In 2017, the University of Wollongong (UOW) Early Start was awarded $1.25 million in funding from the Ministry of Health Prevention Research Support Program (PRSP). This grant allowed Early Start researchers, led by Senior Professor Anthony Okely from the School of Health and Society, to start a collaborative program of research, aimed at understanding and promoting healthy eating and physical activity among children in two age groups: newborn to age 5 (the first 2,000 days of a child’s life) and school-age children. This year, the PRSP funding was extended by another four years.
Working in collaboration with the Health Promotion Services at Illawarra Shoalhaven, South-Western Sydney Local Health Districts and the Center for Population Health, the Food and Movement Research Theme from Early Start co-developed, implemented and evaluated several projects in early childhood education and care services, including family day care and outside of school hours care settings.
“Our overarching goal has always been to better understand and promote healthy eating and physical activity in areas where children live, play and learn. As researchers, we don’t want to just work on papers; we want to have an impact,” Professor Okely said.
“At Early Start, we’ve been analyzing healthy eating and movement habits, both at home and in family day care and out-of-school environments, and then, alongside our research partners, formulating guidance for parents and educators to implement them most effectively.”
There is no doubt that early childhood educators—whether in family day care or center-based care—have a massive impact on healthy habits during the first 2,000 days of a child’s life. Georgie Tran, an Early Start researcher and a Ph.D. candidate in the School of Health and Society, alongside another recent Ph.D. student Dr. Erin Kerr, co-created a research project on Family Day Care (FDC), exploring the quality of their healthy eating and physical activity policies and environments.
“We found that in FDC, most children don’t meet their vegetable intake and only half of the children participate in enough physical activity for their age. For example, an average 2-year-old should be physically active for at least three hours a day,” Ms. Tran said.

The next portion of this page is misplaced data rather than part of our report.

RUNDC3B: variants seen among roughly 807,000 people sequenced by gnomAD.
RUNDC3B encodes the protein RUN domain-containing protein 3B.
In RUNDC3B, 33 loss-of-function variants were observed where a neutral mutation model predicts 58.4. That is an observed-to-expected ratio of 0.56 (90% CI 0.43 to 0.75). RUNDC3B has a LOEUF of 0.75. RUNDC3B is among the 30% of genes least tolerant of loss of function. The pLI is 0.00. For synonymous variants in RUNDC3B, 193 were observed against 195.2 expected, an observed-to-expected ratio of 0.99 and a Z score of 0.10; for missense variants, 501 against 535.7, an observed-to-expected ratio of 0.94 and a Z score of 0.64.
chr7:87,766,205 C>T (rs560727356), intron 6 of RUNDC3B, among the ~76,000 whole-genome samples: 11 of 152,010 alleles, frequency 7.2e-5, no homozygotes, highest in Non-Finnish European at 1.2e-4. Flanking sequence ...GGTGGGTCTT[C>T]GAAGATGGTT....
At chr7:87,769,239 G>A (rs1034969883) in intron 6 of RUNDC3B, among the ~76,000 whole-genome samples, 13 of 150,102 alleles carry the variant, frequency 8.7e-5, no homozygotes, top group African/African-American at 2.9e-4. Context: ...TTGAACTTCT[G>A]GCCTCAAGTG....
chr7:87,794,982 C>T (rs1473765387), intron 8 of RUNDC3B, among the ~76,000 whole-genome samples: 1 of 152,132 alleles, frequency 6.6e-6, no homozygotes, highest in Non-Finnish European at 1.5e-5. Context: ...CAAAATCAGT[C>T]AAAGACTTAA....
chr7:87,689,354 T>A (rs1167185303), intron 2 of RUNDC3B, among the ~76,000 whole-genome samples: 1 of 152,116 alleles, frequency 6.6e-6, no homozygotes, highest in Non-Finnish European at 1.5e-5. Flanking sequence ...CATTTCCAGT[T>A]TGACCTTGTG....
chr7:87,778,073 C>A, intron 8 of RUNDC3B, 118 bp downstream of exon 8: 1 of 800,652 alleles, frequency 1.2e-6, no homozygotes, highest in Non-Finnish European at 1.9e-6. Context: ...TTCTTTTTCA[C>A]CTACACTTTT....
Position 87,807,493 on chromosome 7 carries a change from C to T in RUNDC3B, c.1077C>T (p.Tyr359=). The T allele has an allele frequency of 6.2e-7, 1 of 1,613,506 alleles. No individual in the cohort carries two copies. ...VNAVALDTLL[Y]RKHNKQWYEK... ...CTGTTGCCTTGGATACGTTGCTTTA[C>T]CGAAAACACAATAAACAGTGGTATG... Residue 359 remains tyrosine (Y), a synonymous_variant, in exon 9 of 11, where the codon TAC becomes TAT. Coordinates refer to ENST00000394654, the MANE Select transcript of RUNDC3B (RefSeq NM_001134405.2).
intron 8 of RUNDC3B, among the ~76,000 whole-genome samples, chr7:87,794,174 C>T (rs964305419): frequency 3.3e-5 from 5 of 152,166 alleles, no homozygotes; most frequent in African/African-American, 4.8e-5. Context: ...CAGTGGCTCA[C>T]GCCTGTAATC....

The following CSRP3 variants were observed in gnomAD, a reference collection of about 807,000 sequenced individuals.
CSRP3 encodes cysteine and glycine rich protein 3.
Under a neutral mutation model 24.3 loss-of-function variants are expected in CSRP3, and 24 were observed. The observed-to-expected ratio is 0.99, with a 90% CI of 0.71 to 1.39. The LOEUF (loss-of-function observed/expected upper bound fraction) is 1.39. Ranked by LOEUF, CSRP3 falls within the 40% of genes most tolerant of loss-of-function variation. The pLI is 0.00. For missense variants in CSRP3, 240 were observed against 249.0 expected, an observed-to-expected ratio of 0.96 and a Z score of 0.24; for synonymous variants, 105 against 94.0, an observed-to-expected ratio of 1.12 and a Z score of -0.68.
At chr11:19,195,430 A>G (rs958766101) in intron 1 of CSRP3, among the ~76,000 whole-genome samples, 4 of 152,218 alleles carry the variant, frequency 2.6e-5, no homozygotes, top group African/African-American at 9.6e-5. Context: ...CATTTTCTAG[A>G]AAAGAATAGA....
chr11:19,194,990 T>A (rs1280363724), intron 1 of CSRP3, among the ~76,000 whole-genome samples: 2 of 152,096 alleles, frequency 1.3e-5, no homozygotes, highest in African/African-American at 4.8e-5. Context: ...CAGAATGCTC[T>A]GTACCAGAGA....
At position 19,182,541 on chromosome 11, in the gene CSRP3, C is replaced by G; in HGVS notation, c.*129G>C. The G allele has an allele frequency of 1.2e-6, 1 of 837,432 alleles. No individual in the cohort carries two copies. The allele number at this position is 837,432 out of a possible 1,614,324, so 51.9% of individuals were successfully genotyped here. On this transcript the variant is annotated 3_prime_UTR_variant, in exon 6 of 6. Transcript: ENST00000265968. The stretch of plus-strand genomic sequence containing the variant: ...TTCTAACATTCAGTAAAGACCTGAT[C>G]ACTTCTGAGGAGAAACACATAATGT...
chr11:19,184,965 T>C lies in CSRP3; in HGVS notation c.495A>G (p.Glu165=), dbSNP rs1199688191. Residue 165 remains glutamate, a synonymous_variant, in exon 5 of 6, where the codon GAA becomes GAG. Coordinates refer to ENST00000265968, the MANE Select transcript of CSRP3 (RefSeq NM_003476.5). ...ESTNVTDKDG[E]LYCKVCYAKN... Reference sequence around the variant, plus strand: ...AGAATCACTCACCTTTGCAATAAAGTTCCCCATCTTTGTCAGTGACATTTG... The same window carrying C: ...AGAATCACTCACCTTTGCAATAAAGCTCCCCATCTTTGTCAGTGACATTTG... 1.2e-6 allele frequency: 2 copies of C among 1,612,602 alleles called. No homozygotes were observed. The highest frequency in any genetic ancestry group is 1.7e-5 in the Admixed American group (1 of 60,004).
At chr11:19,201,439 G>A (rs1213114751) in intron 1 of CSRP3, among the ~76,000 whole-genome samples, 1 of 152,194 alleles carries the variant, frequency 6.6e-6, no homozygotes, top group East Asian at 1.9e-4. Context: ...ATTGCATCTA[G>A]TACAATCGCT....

Nationally, the bad news is that nearly one-third of young children’s dietary intake comes from discretionary foods, such as sweet and savory pastries, crisps, biscuits, processed meats, etc.
Australian children’s eating habits are not different to other parts of the world. Similar patterns have been identified in other countries, such as the United States, Mexico and Switzerland.
However, Early Start researchers are optimistic, as several good patterns have also been discovered.
“In family day care services, we observed that 99% of children were provided with fruit, which is really encouraging! We also found that mixed dishes, such as dhal and spaghetti bolognese, were more likely to have a wider range of food groups than sandwiches or wraps,” Dr. Kerr said.
Another significant area of Early Start research has concentrated on school-aged children in the Outside of School Hours Care (OSHC) sector. OSHC centers are vital for promoting healthy behaviors, as 32% of NSW children attend these services after school, and these numbers are only set to increase.
Collaborative research led by UOW Ph.D. candidates Dr. Ruth Crowe and Andrew Woods found much room for improvement in the provision of healthy foods in OSHC settings. The research discovered that although after-school services offered fruit almost every day, discretionary foods were provided more often than healthier snacks in the form of vegetables, lean meats and milk, and yogurt and cheese.
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